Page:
The point is that potential users of that tool could easily be seduced by the “eye candy” and not consider the ramifications of using that skin engine. I should also point out that skinning an application may make it look fancier, but it does not in any way improve the application. Customization of a user interface should in some way enhance it, rather than simply be eye candy.

(4) Do what others are not doing!

If you want your software to stand out (be better), then do something no one else is doing. In the software industry there is a tendency to copy everyone else, rather than be creative. Microsoft adds ribbons to its software, so everyone else wants to add ribbons to their software. The question one should really ask is, will ribbons really make my software easier to use and more productive for the end user. If the answer is no, then why copy Microsoft  and use ribbons ?

If you want a better UI for your software, then start getting use to writing some code. Don’t always depend upon third party tools to solve your problems. Learn to start building some things yourself. To illustrate: In the cabinet industry the quality of mass produced cabinets has fallen drastically over the years. Today everything is made of particle board and that just does not last. While it is true that most people aren’t skilled enough to build a cabinet from scratch, particularly building the doors, for moment imagine if you could purchase just the doors already made, but build the rest of the cabinet yourself. Thats exactly what I did! I found a place where I could purchase well built cabinet doors (solid hardwood) for a low cost and then I purchased real plywood and pine and built my own cabinets. I built a set of cabinets for about $400 which would have cost possibly a couple thousand dollars new and my cabinets will last a life time. Its all solid wood and “solid as a rock”.

When it comes to developing software, one can do something similiar. Use programming tools/components which handle things which would be nearly impossible for you to do yourself, but then build everything else which you are skilled enough to do. Rather than always use high level components, look for tools which can provide you with as many “building blocks” as possible so you can “build it yourself”, but in half the time.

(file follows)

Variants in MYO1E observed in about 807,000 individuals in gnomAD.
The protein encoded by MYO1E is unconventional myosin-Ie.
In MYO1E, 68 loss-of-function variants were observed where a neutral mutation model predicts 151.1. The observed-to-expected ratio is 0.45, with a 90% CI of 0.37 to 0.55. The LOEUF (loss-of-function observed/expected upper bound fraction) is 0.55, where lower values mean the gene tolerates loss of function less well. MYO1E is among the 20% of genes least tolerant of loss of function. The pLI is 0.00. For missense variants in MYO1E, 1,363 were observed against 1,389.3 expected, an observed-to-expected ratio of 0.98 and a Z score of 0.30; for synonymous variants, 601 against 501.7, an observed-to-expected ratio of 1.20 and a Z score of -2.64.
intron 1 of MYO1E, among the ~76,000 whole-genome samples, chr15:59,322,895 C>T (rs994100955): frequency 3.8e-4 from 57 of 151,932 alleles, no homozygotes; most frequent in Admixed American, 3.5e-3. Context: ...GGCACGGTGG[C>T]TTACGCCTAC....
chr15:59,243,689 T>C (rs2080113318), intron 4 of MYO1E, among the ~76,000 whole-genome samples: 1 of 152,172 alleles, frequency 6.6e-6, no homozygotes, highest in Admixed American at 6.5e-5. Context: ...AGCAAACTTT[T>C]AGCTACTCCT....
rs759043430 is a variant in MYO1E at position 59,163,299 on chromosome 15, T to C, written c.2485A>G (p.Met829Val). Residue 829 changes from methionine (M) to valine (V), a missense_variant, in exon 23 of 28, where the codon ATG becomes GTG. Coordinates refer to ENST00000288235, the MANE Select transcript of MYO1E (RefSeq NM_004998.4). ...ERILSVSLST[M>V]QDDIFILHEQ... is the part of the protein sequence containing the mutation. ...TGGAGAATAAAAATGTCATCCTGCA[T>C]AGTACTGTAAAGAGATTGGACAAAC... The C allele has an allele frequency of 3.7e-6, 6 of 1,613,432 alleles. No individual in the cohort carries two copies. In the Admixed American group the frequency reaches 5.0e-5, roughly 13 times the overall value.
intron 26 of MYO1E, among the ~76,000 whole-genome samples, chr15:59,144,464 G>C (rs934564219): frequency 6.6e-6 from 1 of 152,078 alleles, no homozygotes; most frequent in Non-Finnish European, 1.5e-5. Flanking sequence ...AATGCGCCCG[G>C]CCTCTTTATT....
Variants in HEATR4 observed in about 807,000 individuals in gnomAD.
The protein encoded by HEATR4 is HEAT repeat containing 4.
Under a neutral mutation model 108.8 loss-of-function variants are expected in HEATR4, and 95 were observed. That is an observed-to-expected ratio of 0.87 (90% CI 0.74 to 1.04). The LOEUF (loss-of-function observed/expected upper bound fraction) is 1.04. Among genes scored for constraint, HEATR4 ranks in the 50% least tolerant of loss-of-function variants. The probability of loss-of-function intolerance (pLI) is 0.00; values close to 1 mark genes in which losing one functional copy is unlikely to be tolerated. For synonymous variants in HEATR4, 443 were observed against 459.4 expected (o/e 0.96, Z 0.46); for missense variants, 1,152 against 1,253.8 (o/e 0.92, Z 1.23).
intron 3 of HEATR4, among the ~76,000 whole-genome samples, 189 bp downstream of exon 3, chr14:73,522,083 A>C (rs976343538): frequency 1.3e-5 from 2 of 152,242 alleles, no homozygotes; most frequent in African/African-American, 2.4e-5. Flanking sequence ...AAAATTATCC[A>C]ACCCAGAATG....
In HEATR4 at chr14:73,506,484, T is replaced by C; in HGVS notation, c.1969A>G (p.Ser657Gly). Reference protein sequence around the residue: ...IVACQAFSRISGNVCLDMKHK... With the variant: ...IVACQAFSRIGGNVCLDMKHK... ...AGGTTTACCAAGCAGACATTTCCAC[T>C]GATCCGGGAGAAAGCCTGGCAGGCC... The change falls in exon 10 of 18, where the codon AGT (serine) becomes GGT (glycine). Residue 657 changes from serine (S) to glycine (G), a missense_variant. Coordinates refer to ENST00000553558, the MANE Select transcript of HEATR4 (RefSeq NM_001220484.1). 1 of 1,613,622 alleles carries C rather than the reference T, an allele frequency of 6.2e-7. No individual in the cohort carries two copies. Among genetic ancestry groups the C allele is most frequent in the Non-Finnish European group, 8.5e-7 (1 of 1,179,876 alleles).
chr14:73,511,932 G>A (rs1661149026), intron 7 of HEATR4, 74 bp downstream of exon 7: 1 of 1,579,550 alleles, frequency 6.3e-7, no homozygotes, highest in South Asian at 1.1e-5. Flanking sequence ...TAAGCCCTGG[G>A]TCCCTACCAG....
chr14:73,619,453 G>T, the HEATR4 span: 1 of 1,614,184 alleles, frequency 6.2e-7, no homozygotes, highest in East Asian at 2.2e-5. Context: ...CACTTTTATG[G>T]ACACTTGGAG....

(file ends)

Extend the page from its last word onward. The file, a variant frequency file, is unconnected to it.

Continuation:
Its not just a matter of getting a software product “out the door” as quick as possible, but it is a matter of building a software product which really does solve a problem, which is really useful to the end user and which is “solid as a rock”.

This is exactly what I designed EZGUI 4.0 Professional for!

The idea was to build a GUI engine which is “solid as a rock” (reliable) , which provides you with an amazing number of “building blocks” so you can “build it yourself”, but in half the time.  I am amazed at the variety of user interfaces my customers have created. The customers which get the most out of the product are the ones who push the limits of its “building blocks” to build unique applications unlike anyone else. To such customers they see the potential of EZGUI and what you can build with as “unlimited”. My customers also don’t have to depend upon dozens of unrelated third party components when they build applications. They build most of it themselves using EZGUI and then add just a few, maybe just one (or even one) third party component to their applications. The most common third party component they use is a third party Grid control, which would be hard to build yourself. Some integrate direct API calls in key areas. They key is that they have most of the building blocks they need in EZGUI to do most of what they want and the ‘sky is the limit”.

I designed EZGUI in such a way that it should provide an advantage to even the “lone wolf” developer so he/she can develop apps quicker and with a richer user interface than what a team of developers might do with other tools. EZGUI is not perfect, but in each generation it continues to grow in its feature set and power. There are some exciting new things coming in the next version of EZGUI, but thats another story.